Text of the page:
Typhoons Bilis and Saomai: why the impacts were so severe
by Duan Yihong
Typhoon Bilis and the subsequent depression as it weakened, from 14 to 18 July 2006, brought heavy-to-excessive rain, strong local winds and lightning to six Chinese provinces (Fujian, Zhejiang, Jiangxi, Hunan, Guangdong and Guangxi). Some localities measured an accumulated rainfall amount of 300-500 mm. The rain triggered floods, landslides, rock- and mudflows, causing heavy loss of life and property. Bilis was unusual in terms of lifetime over land and impacts. Similarly, on 10 August 2006, supertyphoon Saomai made landfall on the coast of Cangnan County, Zhejiang Province, claiming many casualties and causing economic losses there and in parts of Fujian Province.
Why were the impacts of Bilis and Saomai so severe? Have there been other instances in history? What is the current skill in forecasting such typhoons? In order to answer these questions, some objective and scientific analyses should be made.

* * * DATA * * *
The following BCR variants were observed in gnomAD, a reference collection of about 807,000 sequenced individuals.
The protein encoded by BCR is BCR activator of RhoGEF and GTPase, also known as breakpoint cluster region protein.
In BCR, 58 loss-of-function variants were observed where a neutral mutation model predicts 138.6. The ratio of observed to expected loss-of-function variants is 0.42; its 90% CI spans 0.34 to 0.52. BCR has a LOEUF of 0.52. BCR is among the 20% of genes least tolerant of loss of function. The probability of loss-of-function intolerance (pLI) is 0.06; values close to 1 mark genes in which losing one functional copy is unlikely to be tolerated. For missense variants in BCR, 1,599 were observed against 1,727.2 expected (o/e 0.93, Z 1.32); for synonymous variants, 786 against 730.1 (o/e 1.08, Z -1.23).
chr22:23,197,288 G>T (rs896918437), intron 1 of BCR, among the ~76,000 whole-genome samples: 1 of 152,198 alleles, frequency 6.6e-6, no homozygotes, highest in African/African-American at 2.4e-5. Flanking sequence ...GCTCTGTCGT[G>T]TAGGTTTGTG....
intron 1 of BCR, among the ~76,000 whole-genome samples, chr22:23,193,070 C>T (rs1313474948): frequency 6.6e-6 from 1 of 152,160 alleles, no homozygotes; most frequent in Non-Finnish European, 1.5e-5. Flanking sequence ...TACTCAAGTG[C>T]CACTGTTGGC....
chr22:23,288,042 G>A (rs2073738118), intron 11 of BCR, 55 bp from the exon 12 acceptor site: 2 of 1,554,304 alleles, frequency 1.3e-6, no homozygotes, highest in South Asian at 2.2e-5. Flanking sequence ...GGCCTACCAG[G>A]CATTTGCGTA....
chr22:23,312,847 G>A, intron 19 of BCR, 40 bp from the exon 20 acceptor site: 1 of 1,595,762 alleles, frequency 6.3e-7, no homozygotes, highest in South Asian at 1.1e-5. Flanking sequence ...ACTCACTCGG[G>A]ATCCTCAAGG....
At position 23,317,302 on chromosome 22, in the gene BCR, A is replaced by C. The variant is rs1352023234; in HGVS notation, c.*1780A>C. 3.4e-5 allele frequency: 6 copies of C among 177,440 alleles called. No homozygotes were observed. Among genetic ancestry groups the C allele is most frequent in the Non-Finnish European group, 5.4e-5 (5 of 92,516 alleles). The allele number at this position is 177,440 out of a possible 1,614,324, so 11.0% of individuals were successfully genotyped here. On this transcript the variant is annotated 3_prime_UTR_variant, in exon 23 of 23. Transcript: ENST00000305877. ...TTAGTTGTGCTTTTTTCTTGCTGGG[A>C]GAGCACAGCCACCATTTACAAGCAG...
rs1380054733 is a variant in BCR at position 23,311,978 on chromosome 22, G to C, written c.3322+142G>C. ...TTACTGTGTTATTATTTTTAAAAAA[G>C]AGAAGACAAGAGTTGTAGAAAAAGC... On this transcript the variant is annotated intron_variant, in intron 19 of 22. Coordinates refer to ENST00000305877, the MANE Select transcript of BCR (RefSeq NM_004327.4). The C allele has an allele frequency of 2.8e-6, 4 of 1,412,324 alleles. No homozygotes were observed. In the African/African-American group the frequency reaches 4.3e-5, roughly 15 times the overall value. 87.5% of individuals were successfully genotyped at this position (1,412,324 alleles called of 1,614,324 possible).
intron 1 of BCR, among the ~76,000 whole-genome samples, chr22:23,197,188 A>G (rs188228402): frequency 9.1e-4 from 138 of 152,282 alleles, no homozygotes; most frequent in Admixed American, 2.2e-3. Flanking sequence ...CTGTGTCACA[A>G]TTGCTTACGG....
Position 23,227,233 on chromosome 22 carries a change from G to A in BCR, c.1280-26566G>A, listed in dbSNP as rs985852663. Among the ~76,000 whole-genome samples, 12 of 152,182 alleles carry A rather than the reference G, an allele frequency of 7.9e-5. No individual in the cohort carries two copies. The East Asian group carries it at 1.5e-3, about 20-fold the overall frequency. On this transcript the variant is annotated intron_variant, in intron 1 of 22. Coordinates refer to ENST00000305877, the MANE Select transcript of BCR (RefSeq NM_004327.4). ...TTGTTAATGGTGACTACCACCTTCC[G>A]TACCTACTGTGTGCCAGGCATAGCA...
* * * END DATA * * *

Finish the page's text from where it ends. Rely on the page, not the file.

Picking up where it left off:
Bilis moved slowly after landfall and persisted longer with prolonged rainfall
After Bilis formed on 9 July, it moved north-west, made its first landfall over Taiwan, Province of China, traversed the Taiwan Straight and eventually landed in Fujian Province. Bilis’s movement was normal over the sea. What was unusual was that, despite being degraded to a tropical depression after landing, Bilis continued to move north at a very slow pace from 14 to 18 July, under the influence of the continental high to the north, with its impacts extending for up to five days.
Historical analysis indicates that, normally, typhoons, after landing, persist for about 26 hours on average. Of these typhoons, 59.3 per cent disappear within 24 hours; 28 per cent survive for no longer than two days; and only 12.7 per cent stayed for more than two days. The previous record was made by Typhoon No. 7 in 1952, whose lifetime was 129 hours (>five days) and Typhoons Nos. 4 and 3 in 1975, whose lifetimes were 119 and 101 hours, respectively. Compared with these three typhoons which moved north-west or north after landing, Bilis moved south-west and persisted for 120 hours over land, hence breaking the record in this sense.
Bilis was unusual for its unsymmetrical structure and its southern cloud band which produced heavy rain